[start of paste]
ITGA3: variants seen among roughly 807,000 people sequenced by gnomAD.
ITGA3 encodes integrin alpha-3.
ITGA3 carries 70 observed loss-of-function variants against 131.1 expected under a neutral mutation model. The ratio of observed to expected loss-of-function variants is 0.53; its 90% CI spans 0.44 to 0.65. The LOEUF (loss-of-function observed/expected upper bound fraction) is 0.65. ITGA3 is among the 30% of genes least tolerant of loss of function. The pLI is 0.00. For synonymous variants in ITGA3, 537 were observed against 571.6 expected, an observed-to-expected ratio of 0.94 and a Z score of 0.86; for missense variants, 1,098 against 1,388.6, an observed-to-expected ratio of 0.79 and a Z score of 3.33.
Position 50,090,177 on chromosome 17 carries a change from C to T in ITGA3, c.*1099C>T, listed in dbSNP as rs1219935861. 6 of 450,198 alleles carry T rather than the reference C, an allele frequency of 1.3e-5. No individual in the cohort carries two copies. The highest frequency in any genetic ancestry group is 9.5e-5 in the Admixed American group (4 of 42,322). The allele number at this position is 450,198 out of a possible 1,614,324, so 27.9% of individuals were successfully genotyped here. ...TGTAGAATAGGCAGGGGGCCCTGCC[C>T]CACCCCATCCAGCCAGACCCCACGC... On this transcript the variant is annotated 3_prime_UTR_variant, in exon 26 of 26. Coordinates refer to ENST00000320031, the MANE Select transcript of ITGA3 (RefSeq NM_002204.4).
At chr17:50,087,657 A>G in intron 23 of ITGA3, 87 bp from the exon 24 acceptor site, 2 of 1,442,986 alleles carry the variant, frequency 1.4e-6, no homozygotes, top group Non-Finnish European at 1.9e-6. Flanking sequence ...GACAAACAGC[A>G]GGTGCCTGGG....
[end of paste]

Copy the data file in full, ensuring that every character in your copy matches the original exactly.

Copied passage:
ITGA3: variants seen among roughly 807,000 people sequenced by gnomAD.
ITGA3 encodes integrin alpha-3.
ITGA3 carries 70 observed loss-of-function variants against 131.1 expected under a neutral mutation model. The ratio of observed to expected loss-of-function variants is 0.53; its 90% CI spans 0.44 to 0.65. The LOEUF (loss-of-function observed/expected upper bound fraction) is 0.65. ITGA3 is among the 30% of genes least tolerant of loss of function. The pLI is 0.00. For synonymous variants in ITGA3, 537 were observed against 571.6 expected, an observed-to-expected ratio of 0.94 and a Z score of 0.86; for missense variants, 1,098 against 1,388.6, an observed-to-expected ratio of 0.79 and a Z score of 3.33.
Position 50,090,177 on chromosome 17 carries a change from C to T in ITGA3, c.*1099C>T, listed in dbSNP as rs1219935861. 6 of 450,198 alleles carry T rather than the reference C, an allele frequency of 1.3e-5. No individual in the cohort carries two copies. The highest frequency in any genetic ancestry group is 9.5e-5 in the Admixed American group (4 of 42,322). The allele number at this position is 450,198 out of a possible 1,614,324, so 27.9% of individuals were successfully genotyped here. ...TGTAGAATAGGCAGGGGGCCCTGCC[C>T]CACCCCATCCAGCCAGACCCCACGC... On this transcript the variant is annotated 3_prime_UTR_variant, in exon 26 of 26. Coordinates refer to ENST00000320031, the MANE Select transcript of ITGA3 (RefSeq NM_002204.4).
At chr17:50,087,657 A>G in intron 23 of ITGA3, 87 bp from the exon 24 acceptor site, 2 of 1,442,986 alleles carry the variant, frequency 1.4e-6, no homozygotes, top group Non-Finnish European at 1.9e-6. Flanking sequence ...GACAAACAGC[A>G]GGTGCCTGGG....